Moody’s Investors Service has downgraded all the 9 Nigerian banks that it rates, saying the action follows from its downward review of Nigeria’s rating last week.
The banks involved are Access Bank Plc, Zenith Bank Plc, First Bank of Nigeria Limited, United Bank for Africa Plc, Guaranty Trust Bank Limited, Union Bank of Nigeria plc, Fidelity Bank Plc, FCMB (First City Monument Bank) Limited and Sterling Bank Plc.
The international rating agency downgraded to Caa1 from B3 the long-term deposit ratings, issuer ratings as well as the senior unsecured debt ratings (where applicable), all the nine lenders, it said in a statement issued on Tuesday.
The rating agency downgraded to Caa1 from B3 the long-term deposit ratings, issuer ratings as well as the senior unsecured debt ratings (where applicable), all the nine lenders, it said in a statement issued on Tuesday.
Moody’s also changed the outlook to stable on the long-term deposit ratings, issuer ratings as well as senior unsecured debt ratings (where applicable) of the nine rated Nigerian banks, it said.
“Today’s rating actions follow Moody’s downgrade on 27 January 2023 of the long-term issuer rating of the Government of Nigeria to Caa1 from B3, and change in the outlook to stable,” it said in a statement.
It explained that the downgrade of the long-term ratings of nine Nigerian banks reflects a combination of two factors – the weakening operating environment, as captured by Moody’s lowering of its Macro Profile for Nigeria to “Very Weak” from “very weak+”; and the inter linkages between the sovereign’s weakened creditworthiness (as indicated by the downgrade of the sovereign rating to Caa1from B3) and the banks’ balance sheets, given the banks’ significant holdings of sovereign debt securities.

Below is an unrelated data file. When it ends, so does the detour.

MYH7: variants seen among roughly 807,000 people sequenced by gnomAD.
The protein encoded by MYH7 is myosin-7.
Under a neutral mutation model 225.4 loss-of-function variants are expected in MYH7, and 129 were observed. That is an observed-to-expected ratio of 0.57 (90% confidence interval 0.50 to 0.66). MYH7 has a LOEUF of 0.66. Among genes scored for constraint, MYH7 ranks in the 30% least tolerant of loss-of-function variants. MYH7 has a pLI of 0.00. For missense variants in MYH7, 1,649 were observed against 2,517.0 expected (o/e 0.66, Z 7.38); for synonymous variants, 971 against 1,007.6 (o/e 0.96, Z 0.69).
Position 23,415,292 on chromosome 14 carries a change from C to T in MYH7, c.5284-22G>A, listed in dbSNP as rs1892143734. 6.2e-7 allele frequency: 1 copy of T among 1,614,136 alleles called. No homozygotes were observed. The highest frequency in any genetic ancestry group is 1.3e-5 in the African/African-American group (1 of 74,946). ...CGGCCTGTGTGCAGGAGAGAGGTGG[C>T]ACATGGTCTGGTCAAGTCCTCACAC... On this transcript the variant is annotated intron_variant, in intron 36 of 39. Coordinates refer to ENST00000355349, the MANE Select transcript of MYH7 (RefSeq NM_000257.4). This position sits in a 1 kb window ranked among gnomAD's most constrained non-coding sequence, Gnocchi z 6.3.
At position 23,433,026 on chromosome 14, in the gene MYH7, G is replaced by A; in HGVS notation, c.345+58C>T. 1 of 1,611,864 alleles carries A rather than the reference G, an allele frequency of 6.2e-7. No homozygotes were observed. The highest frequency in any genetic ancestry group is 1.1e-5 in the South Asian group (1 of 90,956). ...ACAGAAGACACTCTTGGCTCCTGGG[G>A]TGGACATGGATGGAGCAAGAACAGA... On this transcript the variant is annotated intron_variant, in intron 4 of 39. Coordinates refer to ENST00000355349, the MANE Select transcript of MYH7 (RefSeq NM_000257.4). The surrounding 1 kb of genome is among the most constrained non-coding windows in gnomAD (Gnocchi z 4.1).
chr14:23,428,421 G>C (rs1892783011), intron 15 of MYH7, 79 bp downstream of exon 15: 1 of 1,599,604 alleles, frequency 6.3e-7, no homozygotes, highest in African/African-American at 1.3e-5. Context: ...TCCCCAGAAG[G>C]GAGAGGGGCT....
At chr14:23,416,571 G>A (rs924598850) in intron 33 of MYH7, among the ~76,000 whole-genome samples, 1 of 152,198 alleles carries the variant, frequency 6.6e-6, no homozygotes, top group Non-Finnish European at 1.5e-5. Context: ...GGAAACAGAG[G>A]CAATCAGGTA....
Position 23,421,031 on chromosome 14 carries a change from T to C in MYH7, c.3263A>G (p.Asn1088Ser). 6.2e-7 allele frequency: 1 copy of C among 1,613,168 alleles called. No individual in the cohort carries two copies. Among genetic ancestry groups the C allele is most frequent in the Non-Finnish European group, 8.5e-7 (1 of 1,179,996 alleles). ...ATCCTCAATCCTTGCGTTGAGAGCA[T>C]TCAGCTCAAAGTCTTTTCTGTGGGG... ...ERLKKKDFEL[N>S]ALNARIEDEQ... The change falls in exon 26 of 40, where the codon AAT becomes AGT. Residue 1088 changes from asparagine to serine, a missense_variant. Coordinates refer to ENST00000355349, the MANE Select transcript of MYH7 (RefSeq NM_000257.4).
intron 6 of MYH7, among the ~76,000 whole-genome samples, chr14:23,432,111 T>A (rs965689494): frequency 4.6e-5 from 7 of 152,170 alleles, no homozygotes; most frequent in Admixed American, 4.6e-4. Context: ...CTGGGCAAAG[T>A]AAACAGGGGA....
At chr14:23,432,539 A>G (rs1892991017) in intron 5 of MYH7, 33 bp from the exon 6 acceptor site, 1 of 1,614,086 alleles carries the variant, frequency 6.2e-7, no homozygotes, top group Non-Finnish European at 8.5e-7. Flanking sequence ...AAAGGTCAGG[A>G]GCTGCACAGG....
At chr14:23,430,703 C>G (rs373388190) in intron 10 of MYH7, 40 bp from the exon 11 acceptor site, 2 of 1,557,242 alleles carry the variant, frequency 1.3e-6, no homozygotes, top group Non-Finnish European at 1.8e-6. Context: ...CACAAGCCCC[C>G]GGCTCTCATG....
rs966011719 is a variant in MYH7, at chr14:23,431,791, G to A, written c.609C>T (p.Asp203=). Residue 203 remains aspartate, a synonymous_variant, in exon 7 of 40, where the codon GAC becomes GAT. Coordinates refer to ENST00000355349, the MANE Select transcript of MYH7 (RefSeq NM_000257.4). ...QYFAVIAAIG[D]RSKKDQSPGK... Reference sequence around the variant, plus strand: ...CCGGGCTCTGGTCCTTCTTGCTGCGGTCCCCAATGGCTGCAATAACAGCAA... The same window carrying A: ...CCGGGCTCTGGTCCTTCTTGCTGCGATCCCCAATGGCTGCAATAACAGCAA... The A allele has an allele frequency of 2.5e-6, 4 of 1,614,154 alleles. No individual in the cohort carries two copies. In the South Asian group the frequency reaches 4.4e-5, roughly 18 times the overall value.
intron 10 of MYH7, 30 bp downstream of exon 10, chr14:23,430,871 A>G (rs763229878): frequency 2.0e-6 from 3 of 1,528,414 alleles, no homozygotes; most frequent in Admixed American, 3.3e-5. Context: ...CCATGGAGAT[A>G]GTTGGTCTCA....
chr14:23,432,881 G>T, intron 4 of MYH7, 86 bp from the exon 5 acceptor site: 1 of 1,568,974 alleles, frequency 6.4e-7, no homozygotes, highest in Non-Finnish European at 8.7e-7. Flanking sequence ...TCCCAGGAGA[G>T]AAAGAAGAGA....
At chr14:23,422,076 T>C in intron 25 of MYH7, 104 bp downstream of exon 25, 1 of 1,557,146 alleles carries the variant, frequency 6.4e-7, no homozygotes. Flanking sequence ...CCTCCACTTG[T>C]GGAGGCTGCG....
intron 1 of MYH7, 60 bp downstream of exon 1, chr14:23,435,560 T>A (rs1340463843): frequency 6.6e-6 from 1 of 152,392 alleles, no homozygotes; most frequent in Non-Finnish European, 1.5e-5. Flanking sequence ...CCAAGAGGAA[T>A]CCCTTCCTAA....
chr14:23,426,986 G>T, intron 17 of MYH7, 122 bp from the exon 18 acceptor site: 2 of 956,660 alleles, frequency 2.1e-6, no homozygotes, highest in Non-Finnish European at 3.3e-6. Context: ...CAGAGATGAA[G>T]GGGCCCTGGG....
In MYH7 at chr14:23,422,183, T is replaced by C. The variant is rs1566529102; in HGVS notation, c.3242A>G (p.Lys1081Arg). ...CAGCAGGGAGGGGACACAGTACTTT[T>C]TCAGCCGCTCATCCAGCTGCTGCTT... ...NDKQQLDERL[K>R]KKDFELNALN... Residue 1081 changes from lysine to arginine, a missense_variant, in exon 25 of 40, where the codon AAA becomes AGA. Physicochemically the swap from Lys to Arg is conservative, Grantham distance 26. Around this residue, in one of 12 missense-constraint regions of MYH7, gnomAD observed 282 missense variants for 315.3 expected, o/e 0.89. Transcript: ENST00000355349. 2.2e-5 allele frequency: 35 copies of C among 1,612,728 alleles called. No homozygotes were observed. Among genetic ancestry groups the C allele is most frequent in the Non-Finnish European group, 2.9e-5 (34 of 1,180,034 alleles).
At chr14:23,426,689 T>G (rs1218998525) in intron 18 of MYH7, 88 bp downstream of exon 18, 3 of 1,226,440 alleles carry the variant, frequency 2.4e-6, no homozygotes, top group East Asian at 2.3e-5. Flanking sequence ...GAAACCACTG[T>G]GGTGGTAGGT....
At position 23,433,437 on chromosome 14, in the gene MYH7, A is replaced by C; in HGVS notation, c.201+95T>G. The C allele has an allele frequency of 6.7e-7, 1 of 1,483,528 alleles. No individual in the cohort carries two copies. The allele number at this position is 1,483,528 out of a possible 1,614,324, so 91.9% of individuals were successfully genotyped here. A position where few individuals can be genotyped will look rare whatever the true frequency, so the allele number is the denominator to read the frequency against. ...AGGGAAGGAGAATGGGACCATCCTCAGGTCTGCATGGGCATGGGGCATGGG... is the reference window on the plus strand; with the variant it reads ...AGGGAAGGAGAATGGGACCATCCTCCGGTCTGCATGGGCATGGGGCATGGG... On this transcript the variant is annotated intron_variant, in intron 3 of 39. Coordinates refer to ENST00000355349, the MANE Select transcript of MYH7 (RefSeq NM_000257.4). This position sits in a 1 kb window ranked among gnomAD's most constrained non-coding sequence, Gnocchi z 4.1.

It said that the revised macro Profile for Nigeria reflects Moody’s expectation that depressed and uncertain oil production, capital outflows amid flight to quality, and the government’s constrained access to external funding will likely continue to weigh on Nigeria’s external position in 2023.
The revised Macro Profile also captures the risks that foreign currency shortages in the country pose to the liquidity, capitalisation, and asset quality of Nigerian banks.
“Rated Nigerian banks have significant direct and indirect exposure to the Nigerian sovereign, with a significant portion of their assets located in the country, and sovereign debt holdings representing 28% of their aggregate total assets as of June 2022,” it said.
“Government exposure links the banks’ credit profiles with the sovereign’s, whose rating was downgraded on 27 January 2023, to reflect Moody’s expectation that the government’s fiscal and debt position will continue to deteriorate.”
The government faces wide-ranging fiscal pressure while the capacity to respond remains constrained by Nigeria’s long-standing institutional weaknesses and social challenges,” the rating agency added.
Moody’s said the stable outlooks on the long-term deposit, issuer, and senior unsecured debt ratings(where applicable) of the Nigerian banks are in line with the stable outlook of Nigeria’s government rating.
Furthermore, it said the stable outlook on the sovereign rating reflects the fact that, “while a new administration could reinvigorate the reform impetus in Nigeria after the general elections planned for 25 February 2023 and thereby support fiscal consolidation, implementation will likely remain lengthy amid marked social and institutional constraints”.
“Indeed, the government has long-held the aim of raising non-oil revenue and phasing out the costly oil subsidy, but these objectives necessitate reforms that are institutionally, socially, and politically challenging to carry through. Meanwhile, funding conditions are likely to remain tight.”
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